I work in an office where there are many LDS people, but also many (possibly a majority) who are not LDS. For the most part the non-Mormons are pretty cool and don’t take the LDS culture too seriously (for example, one guy has a big poster of Captain Moroni on his office door and people either ignore it or make fun of it). The guy in the office next door to mine, though, is pretty hard core about proselytizing. He frequently quotes scriptures in business meetings and will tell people that they should repent. It bugs me, not because I disagree with him but because there’s an office policy against evangelizing in the workplace and it’s also possibly against the law. I have mixed feelings, but I’d like to report him to the folks in H.R. — what do you think? [Read more…]

Saints, Such As We Are

In the play Other Desert Cities (Salt Lakers can see it now at Pioneer Memorial Theater!) Polly and Lyman Wyeth are respectively a successful writer and actor in Hollywood before turning to Republican politics later in life. Their son Trip and semi-estranged daughter Brooke come home to celebrate the holidays with their parents and an alcoholic aunt, Silda, who lives with and is dependent on the Wyeths. The drama centers around Brooke’s decision to publish a memoir about being raised by her famous parents and another brother Henry’s involvement in radical politics, a bombing and Henry’s suicide.

Brooke has poured her heart and soul into her book and believes it contains hard, difficult truths about her parents, their friends and their politics that led to Henry’s alienation and death. She is the uncompromising artist speaking truth to power who also, it turns out, wants her parents’ blessing before publishing. Not surprisingly they are unwilling to give it. Brooke’s parents have a different view of what transpired and beg her to not publish or at least delay until they are dead. Silda urges Brooke forward, sure she has captured the moral bankruptcy and hypocrisy of the Wyeth’s coterie. Trip doesn’t try to dissuade Brooke from publishing but says he doesn’t recognize the people in the book as the people who raised him.

At its heart the play is about a family’s fight to control the meaning of events that have impacted them all. Because Brooke’s claims are grounded in her personal experience, when an alternative meaning to the events is suggested she experiences it as an attack on herself. She feels accused of being an unreliable narrator of her own history. [Read more…]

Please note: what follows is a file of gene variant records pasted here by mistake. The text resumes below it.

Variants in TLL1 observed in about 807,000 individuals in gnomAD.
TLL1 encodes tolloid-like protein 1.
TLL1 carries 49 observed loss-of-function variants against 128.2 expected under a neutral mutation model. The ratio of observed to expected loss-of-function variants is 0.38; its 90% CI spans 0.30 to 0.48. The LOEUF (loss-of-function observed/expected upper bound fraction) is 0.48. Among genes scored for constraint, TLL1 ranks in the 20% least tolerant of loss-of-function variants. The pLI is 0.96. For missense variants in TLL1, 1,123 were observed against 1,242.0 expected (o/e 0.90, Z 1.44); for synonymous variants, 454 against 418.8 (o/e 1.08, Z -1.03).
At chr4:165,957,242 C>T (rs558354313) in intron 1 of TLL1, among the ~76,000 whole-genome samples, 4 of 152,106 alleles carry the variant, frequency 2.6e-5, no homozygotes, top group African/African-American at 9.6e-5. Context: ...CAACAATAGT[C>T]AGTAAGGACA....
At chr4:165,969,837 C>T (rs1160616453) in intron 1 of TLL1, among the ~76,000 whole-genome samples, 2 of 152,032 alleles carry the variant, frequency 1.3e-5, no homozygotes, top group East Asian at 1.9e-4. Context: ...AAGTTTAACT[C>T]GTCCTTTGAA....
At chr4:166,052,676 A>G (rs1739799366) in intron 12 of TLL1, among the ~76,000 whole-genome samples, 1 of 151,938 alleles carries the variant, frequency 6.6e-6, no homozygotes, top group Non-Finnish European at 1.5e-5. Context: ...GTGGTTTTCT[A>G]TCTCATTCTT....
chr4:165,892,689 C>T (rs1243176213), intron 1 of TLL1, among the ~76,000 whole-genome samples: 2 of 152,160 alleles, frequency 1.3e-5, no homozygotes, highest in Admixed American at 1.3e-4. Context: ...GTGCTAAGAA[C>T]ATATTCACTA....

Area Man Not Sure He Wants Holy Ghost Coming Around Anymore

Jason Nielson said he was uncomfortable inviting the Holy Ghost into his home after the Spirit commented on the swimsuit his six-year-old was wearing.[1] Nielson reported his daughter was getting ready to swim at her friends’ house when the third member of the Godhead told her the suit was provocative. “She was real excited about splashing around in the neighbor’s pool. Playing water tag with her friends. You know, normal innocent childhood stuff.  Next thing I know she comes out of her room crying and says the Comforter told her she wasn’t properly covered.”

It took several minutes of listening to his daughter between sobs before Nielson understood the Holy Spirit of God had whispered the swimsuit was riding a little high in the seat. “We’ve been worried about layoffs and Jane decided the kids could just wear their suits from last year. You know how kids are, give them some sunshine, a popsicle and a sprinkler to run through and they couldn’t be happier.” Nielson is now reevaluating whether he wants the Testifier around his kids. “We’ve taught our kids to listen to the Spirit but if It is going to say stuff like that I’m going to have to rethink things. Frankly it’s a little creepy.”

The Holy Ghost was unavailable for comment but local woman Cathy Peterson said immodesty was an on-going problem with area children.


[1] See “Anita’s” story found about halfway down in Primary 3, Lesson 26: The Holy Ghost Can Help Us. This manual is to be used to teach children ages four to seven.

Children Can’t Dress Immodestly

f062The Mormon Church teaches little girls are immodest if they expose their shoulders. That is a scandal. Children can’t dress immodestly for the same reasons seven-year-olds can’t sin and twelve-year-olds can’t enter into contracts. They don’t have the knowledge and understanding that would give them the capacity. So as a father of two young children being raised in the Mormon faith, I was disappointed to see the article titled The Orange Shirt in the May 2013 issue of The Friend. I wasn’t the only one. The article “based on a true story” involves a young girl thinking of trying on a shirt with spaghetti straps, which the author labels as immodest. The story explains that the girl felt uncomfortable when she picked the shirt up and attributed her feeling to the Holy Ghost warning her that trying the shirt on was wrong. To teach children that their access to the Holy Spirit is dependent on their clothing choices is perverse.

[Read more…]